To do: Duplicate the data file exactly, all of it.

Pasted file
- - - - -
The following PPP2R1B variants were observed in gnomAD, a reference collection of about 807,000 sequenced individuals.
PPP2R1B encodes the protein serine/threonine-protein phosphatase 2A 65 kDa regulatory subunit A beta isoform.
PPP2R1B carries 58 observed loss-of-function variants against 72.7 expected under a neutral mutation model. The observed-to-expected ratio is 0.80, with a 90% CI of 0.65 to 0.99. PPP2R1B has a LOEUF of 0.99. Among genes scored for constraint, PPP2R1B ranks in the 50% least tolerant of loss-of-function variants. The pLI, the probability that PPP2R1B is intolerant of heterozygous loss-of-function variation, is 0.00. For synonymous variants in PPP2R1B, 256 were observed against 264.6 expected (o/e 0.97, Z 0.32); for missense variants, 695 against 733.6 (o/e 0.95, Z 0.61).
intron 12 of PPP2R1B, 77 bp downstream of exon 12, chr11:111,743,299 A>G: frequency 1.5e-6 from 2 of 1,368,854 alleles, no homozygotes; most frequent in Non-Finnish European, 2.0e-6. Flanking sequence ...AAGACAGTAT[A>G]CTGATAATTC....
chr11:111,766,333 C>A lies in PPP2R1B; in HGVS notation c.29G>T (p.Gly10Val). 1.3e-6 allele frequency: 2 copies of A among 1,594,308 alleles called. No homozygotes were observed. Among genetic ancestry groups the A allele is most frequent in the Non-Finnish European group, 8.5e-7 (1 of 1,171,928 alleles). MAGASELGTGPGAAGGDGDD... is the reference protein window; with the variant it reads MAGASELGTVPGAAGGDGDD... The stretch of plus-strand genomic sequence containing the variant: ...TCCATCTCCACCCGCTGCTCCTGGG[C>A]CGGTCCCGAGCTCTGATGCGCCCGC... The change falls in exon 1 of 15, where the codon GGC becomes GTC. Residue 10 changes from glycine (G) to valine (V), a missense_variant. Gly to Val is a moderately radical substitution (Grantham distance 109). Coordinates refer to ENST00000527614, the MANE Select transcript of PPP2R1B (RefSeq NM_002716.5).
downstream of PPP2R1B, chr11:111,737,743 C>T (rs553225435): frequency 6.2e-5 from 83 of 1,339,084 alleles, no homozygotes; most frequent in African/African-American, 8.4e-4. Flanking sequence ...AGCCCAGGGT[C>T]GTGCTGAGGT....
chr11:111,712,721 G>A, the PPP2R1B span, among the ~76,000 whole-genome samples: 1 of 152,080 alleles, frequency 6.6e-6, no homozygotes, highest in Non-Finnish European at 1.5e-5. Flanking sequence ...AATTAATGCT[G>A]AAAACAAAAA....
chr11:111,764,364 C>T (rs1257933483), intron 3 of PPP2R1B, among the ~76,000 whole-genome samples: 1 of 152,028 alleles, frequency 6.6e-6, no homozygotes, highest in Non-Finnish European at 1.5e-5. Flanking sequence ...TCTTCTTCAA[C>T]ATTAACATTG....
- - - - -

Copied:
The following PPP2R1B variants were observed in gnomAD, a reference collection of about 807,000 sequenced individuals.
PPP2R1B encodes the protein serine/threonine-protein phosphatase 2A 65 kDa regulatory subunit A beta isoform.
PPP2R1B carries 58 observed loss-of-function variants against 72.7 expected under a neutral mutation model. The observed-to-expected ratio is 0.80, with a 90% CI of 0.65 to 0.99. PPP2R1B has a LOEUF of 0.99. Among genes scored for constraint, PPP2R1B ranks in the 50% least tolerant of loss-of-function variants. The pLI, the probability that PPP2R1B is intolerant of heterozygous loss-of-function variation, is 0.00. For synonymous variants in PPP2R1B, 256 were observed against 264.6 expected (o/e 0.97, Z 0.32); for missense variants, 695 against 733.6 (o/e 0.95, Z 0.61).
intron 12 of PPP2R1B, 77 bp downstream of exon 12, chr11:111,743,299 A>G: frequency 1.5e-6 from 2 of 1,368,854 alleles, no homozygotes; most frequent in Non-Finnish European, 2.0e-6. Flanking sequence ...AAGACAGTAT[A>G]CTGATAATTC....
chr11:111,766,333 C>A lies in PPP2R1B; in HGVS notation c.29G>T (p.Gly10Val). 1.3e-6 allele frequency: 2 copies of A among 1,594,308 alleles called. No homozygotes were observed. Among genetic ancestry groups the A allele is most frequent in the Non-Finnish European group, 8.5e-7 (1 of 1,171,928 alleles). MAGASELGTGPGAAGGDGDD... is the reference protein window; with the variant it reads MAGASELGTVPGAAGGDGDD... The stretch of plus-strand genomic sequence containing the variant: ...TCCATCTCCACCCGCTGCTCCTGGG[C>A]CGGTCCCGAGCTCTGATGCGCCCGC... The change falls in exon 1 of 15, where the codon GGC becomes GTC. Residue 10 changes from glycine (G) to valine (V), a missense_variant. Gly to Val is a moderately radical substitution (Grantham distance 109). Coordinates refer to ENST00000527614, the MANE Select transcript of PPP2R1B (RefSeq NM_002716.5).
downstream of PPP2R1B, chr11:111,737,743 C>T (rs553225435): frequency 6.2e-5 from 83 of 1,339,084 alleles, no homozygotes; most frequent in African/African-American, 8.4e-4. Flanking sequence ...AGCCCAGGGT[C>T]GTGCTGAGGT....
chr11:111,712,721 G>A, the PPP2R1B span, among the ~76,000 whole-genome samples: 1 of 152,080 alleles, frequency 6.6e-6, no homozygotes, highest in Non-Finnish European at 1.5e-5. Flanking sequence ...AATTAATGCT[G>A]AAAACAAAAA....
chr11:111,764,364 C>T (rs1257933483), intron 3 of PPP2R1B, among the ~76,000 whole-genome samples: 1 of 152,028 alleles, frequency 6.6e-6, no homozygotes, highest in Non-Finnish European at 1.5e-5. Flanking sequence ...TCTTCTTCAA[C>T]ATTAACATTG....